She gave me a letter, but it’s never really felt like enough for me. It says “most likely” and “high probability of the presence of” Aspergers disorder. Those non-definitive words haunt me. I don’t feel like I can really say I’m autistic with that hanging over my head. It’s like I’m not autistic enough to be really autistic. I’m probably autistic, just not enough to qualify for club membership, so I’m being offered a guest pass.
I went on with the blog exploration of my autism as if I was sure. I thought that would make me feel part of the community, acting as if, and it did for a while.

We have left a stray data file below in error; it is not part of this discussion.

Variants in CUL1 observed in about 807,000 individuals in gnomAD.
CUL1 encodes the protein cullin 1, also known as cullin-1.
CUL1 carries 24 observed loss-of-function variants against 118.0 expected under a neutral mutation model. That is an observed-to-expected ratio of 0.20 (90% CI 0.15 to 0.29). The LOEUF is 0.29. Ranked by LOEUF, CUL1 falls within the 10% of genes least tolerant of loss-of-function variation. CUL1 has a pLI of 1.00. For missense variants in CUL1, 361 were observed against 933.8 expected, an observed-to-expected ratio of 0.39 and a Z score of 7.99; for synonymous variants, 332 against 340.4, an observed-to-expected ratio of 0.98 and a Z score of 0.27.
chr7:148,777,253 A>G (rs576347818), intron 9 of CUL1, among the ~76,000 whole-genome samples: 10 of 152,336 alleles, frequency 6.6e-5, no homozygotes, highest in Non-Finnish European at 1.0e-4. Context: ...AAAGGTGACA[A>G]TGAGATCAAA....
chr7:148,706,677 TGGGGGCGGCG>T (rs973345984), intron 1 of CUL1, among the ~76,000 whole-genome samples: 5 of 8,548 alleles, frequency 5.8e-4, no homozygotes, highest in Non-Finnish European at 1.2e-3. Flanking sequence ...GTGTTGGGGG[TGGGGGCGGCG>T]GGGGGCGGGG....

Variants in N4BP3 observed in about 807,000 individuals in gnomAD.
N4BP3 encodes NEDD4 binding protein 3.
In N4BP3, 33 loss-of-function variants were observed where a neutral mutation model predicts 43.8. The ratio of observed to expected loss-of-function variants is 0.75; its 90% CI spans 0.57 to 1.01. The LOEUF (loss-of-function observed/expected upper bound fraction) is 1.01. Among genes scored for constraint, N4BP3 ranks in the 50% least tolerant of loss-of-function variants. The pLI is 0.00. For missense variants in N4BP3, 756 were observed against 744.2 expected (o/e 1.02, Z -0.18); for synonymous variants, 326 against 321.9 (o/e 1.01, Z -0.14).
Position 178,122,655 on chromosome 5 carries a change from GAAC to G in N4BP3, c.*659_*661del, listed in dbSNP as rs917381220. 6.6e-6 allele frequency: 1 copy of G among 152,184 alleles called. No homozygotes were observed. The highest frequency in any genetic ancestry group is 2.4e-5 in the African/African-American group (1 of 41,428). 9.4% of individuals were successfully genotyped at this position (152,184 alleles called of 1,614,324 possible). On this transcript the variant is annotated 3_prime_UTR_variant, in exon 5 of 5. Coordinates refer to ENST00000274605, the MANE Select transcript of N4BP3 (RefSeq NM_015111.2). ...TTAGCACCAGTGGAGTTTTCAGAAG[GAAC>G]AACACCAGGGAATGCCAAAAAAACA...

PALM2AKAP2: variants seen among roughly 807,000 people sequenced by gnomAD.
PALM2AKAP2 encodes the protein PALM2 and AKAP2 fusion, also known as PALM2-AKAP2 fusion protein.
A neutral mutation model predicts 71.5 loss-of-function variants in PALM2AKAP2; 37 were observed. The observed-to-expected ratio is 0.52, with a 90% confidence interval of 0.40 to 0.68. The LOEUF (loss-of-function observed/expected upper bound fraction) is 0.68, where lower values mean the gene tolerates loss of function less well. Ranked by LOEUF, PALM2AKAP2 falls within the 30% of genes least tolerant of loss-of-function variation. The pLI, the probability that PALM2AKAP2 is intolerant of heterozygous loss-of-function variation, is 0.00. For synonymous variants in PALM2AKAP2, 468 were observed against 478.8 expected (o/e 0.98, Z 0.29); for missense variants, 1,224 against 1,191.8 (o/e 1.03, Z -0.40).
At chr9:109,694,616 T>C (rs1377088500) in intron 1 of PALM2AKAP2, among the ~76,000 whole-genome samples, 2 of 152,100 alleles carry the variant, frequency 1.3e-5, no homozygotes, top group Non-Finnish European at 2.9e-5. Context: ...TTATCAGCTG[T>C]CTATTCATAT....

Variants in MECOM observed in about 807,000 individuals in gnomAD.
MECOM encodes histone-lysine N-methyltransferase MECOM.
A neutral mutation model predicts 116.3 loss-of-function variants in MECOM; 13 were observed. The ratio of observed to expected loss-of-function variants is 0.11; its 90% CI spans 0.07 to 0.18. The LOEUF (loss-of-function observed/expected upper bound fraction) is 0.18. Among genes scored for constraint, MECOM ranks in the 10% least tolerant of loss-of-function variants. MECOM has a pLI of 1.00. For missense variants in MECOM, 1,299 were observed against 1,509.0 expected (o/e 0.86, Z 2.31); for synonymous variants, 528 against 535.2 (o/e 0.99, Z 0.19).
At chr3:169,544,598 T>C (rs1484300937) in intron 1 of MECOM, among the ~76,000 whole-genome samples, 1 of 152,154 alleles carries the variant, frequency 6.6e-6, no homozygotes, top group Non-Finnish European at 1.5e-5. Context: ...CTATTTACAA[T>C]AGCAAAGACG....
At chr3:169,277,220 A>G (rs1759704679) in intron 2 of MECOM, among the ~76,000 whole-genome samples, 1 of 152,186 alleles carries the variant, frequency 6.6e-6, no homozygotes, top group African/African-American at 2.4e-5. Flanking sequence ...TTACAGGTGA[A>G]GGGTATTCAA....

Last summer I learned more about executive functioning issues and began to believe that some of my difficulties, with writing in particular, were rooted in executive functioning deficits. As an adult, I wasn’t sure who to go to for help, so I went to a neuropsych to be tested and get some direction.
I felt really good about our testing session. I even felt good when she talked to me in person about results. She talked about how my working memory is awesome and that’s the best predictor for academic success and being a good writer. She talked about how my cognitive abilities are high and my processing speed is actually average, where I’ve always thought it was slow. She said it’s the discrepancy that makes it feel slow to me. Seems I can do the work in my head much faster than I can do anything with it and that makes me feel clumsy about it.